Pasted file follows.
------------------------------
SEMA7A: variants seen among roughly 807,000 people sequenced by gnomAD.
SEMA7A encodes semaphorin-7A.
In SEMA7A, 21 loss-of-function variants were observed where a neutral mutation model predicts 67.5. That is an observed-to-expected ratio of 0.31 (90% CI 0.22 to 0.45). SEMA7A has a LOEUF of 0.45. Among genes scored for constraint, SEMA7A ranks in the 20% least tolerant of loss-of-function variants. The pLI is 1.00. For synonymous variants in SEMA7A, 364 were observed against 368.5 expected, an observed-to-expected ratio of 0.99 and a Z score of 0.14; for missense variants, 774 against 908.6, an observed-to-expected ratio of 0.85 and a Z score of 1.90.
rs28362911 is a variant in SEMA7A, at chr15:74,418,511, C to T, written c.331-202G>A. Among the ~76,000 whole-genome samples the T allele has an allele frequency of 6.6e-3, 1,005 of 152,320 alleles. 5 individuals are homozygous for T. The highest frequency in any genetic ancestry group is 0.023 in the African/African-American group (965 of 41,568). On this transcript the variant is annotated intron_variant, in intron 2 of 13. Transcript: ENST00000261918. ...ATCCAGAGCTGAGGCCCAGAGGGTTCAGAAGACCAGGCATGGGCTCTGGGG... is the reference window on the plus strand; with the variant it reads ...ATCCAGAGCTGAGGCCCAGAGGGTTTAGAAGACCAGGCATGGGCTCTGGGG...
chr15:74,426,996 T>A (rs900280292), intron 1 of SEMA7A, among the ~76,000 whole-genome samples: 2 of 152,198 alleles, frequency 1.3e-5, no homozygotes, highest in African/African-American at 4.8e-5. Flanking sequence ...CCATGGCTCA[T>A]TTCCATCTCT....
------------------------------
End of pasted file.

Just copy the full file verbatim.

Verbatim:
SEMA7A: variants seen among roughly 807,000 people sequenced by gnomAD.
SEMA7A encodes semaphorin-7A.
In SEMA7A, 21 loss-of-function variants were observed where a neutral mutation model predicts 67.5. That is an observed-to-expected ratio of 0.31 (90% CI 0.22 to 0.45). SEMA7A has a LOEUF of 0.45. Among genes scored for constraint, SEMA7A ranks in the 20% least tolerant of loss-of-function variants. The pLI is 1.00. For synonymous variants in SEMA7A, 364 were observed against 368.5 expected, an observed-to-expected ratio of 0.99 and a Z score of 0.14; for missense variants, 774 against 908.6, an observed-to-expected ratio of 0.85 and a Z score of 1.90.
rs28362911 is a variant in SEMA7A, at chr15:74,418,511, C to T, written c.331-202G>A. Among the ~76,000 whole-genome samples the T allele has an allele frequency of 6.6e-3, 1,005 of 152,320 alleles. 5 individuals are homozygous for T. The highest frequency in any genetic ancestry group is 0.023 in the African/African-American group (965 of 41,568). On this transcript the variant is annotated intron_variant, in intron 2 of 13. Transcript: ENST00000261918. ...ATCCAGAGCTGAGGCCCAGAGGGTTCAGAAGACCAGGCATGGGCTCTGGGG... is the reference window on the plus strand; with the variant it reads ...ATCCAGAGCTGAGGCCCAGAGGGTTTAGAAGACCAGGCATGGGCTCTGGGG...
chr15:74,426,996 T>A (rs900280292), intron 1 of SEMA7A, among the ~76,000 whole-genome samples: 2 of 152,198 alleles, frequency 1.3e-5, no homozygotes, highest in African/African-American at 4.8e-5. Flanking sequence ...CCATGGCTCA[T>A]TTCCATCTCT....